Sunday, January 29, 2017

Black and White

I have always been drawn to black and white photography. In the days of actual film cameras, I would regularly buy a roll of black and white film.

Maybe it is my love for old things, antiques, a gentler time, a slower pace of life.

In the Woody Allen film, "Midnight in Paris", this theme of longing for the old days, thinking them better than the current situation, is explored. I really enjoy this movie and have watched it many times.

In fact, as I am sitting here, writing these words, I have classic Bluegrass music playing in the background. The beautiful, haunting harmonies and the amazing picking of banjo strings call to me.

Black and white seems to eliminate all the extra noise and really brings the simple moments into focus. Those simple moments are where I find the greatest joy in my days.

To me, the images harken back to an era where hard work was something to embrace. One labored for the things he had and did not feel entitled to that which he did not earn. Not to be indebted to another was a virtue.

A good old-fashioned work ethic is what I want to instill in my children. Saving for a rainy day.

Helping others when we see them in need. The small kindnesses that make the biggest marks on those around us. Living the way we want to treated. These are the important things, really.

Sometimes I forget that in the hustle and bustle and the really trying moments. But I will remind myself and try again.

For these people are those that are closest to my heart. I owe them my best each day.

They are learning from me in my good moments, and, I am sad to say, in the not good ones too.

May God grant me the graces to be more for my family and the strength and courage to endure through the hard times.

Saturday, January 21, 2017

sewing lesson

She wanted to make a new dress for one of her dolls. We wrapped the fabric around the doll and cut it to fit. Now she is working on the running stitch after I showed her how. And she was a nice subject to photograph, sitting so still and all!

Wednesday, January 18, 2017

Yarn Along

I never really thought about how much I do relies on the use of my hands. That is, until I broke my arm. The simplest tasks were no longer simple. Preparing meals for my family. Cleaning the house. Writing out assignments for the children. But of all those important daily jobs, the one I missed the most was the ability to create. Knitting was not possible. I started knitting as grief therapy after the loss of our son. There are very few days that go by that I do not knit at the very least a few simple rows. I can feel the tension and sadness fade as I take a strand of yarn and transform it into something entirely different.

The joy of knitting is mine again. I finished and sent to my niece a new blanket for her new baby who is due to make her debut into this world any day now. I am also making another stuffed animal for my sister, who is expecting her first baby.

I am sad to say that I only took a finished picture while it was still blocking and only on the Ipad!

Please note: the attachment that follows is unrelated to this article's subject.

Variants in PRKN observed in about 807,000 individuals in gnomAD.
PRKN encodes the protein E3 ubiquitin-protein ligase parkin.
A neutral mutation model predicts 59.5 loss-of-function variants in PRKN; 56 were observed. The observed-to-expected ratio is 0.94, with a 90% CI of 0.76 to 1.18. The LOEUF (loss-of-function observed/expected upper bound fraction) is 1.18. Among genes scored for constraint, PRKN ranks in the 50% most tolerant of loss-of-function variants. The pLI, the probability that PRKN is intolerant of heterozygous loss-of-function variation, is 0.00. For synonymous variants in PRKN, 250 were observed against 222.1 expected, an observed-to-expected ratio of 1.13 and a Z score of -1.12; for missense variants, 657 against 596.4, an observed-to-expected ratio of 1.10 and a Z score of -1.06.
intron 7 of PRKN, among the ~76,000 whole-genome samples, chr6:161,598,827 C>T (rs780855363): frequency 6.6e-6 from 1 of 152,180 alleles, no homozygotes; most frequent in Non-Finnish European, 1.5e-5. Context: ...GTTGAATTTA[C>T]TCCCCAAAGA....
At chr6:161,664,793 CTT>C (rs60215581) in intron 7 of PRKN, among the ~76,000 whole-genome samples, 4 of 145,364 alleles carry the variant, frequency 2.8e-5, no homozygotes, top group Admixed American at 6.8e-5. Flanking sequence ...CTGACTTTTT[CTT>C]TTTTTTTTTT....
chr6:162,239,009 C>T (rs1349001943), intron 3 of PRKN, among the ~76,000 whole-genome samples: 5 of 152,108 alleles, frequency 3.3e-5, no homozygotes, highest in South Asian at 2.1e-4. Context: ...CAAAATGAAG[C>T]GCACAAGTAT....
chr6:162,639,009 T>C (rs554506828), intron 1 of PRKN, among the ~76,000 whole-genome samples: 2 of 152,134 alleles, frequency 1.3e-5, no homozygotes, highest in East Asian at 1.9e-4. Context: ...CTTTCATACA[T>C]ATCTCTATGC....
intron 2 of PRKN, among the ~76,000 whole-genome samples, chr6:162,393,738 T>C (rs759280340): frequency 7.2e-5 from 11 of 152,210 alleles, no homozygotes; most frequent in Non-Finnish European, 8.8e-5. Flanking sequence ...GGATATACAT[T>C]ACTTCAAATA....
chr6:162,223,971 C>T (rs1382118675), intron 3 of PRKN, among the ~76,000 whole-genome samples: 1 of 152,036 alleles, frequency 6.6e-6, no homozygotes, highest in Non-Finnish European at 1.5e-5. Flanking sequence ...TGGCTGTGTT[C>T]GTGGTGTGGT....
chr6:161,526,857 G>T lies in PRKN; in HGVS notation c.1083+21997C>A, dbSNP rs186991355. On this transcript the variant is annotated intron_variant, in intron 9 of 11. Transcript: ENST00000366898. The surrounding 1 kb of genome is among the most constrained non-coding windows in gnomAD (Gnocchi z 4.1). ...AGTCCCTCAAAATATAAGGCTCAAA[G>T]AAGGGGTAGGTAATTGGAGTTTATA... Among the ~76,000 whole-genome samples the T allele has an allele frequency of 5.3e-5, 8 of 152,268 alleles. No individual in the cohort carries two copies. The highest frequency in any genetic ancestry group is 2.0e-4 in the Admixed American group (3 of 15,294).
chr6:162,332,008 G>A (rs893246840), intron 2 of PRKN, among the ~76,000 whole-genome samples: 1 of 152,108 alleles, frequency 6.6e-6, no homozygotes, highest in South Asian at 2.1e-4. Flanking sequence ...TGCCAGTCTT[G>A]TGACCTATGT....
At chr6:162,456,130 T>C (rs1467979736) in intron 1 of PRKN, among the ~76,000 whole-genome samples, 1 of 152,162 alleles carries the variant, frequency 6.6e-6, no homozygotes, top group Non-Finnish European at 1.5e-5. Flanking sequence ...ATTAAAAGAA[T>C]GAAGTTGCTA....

While I was recovering, I found I could crochet before I could hold both knitting needles. My daughter Anna and I have been making little squares out of scraps of yarn. The fact that it is a project we are working on together endears it to my heart even more.

As for reading, I just began reading "Signs of Life" by Scott Hahn. I friend back in the states and I are going to read it together and have a mini book club of sorts.

Our current read aloud in the schoolroom is "What Katy Did" by Susan Coolidge. I can tell that they are enjoying it because I never have to remind anyone to be quiet.

Joining Ginny for the first time in ages!

Monday, January 9, 2017

Monday Musings

The other day, I went to the library in search of specific books that were recommended for Therese's curriculum. I honestly should have gone searching way before we started back to schooling, but I did not. I found what I needed and was about to make my way to the check-out counter, when a book spine caught my eye. It turned out to be a collection of writings of the Ingalls family. It has kindled in me a fresh spark for putting down our days not on paper, as Laura did, but here, in my own little corner of the web.

Immediately upon perusing this book, I read that their family used to have a circulating letter among family members, each one adding the news in their part of the world, and then sending it on to the next family. In these days of instant messages, facetime, etc., it would seem that this would no longer be necessary, but I disagree. There is something magical and exciting about receiving a hand-written letter in the mailbox. Before my mother-in-law passed away, we would receive a weekly letter from her with all the news of the family, along with coupons, comic strips and whatever else happened to strike her fancy that week. I miss going to the mailbox and seeing the manila envelope full of news and surprises. What if I started such a letter? Would it bring those distant in miles closer to the heart?

This morning, we gathered for Morning Time, which I have come to cherish these last months. We pray, we journal, we listen to stories, we sing. Together. Together is hard to accomplish once the day progresses. Today, we began a new story, "What Katy Did". As I read to the kids, I immediately saw part of myself in one of the characters. It was not a part of me that I am proud of, and the kids instantly recognized it too. Oh, how I have been turning this around in my heart all day!

When one sees their faults laid out so clearly in print, one wants to apologize for those faults, fix those character flaws, and then strive toward who they long to be. At least this one does.

In closing, my goal is to record more of our daily lives, those moments that I want to recall with fondness in the years to come.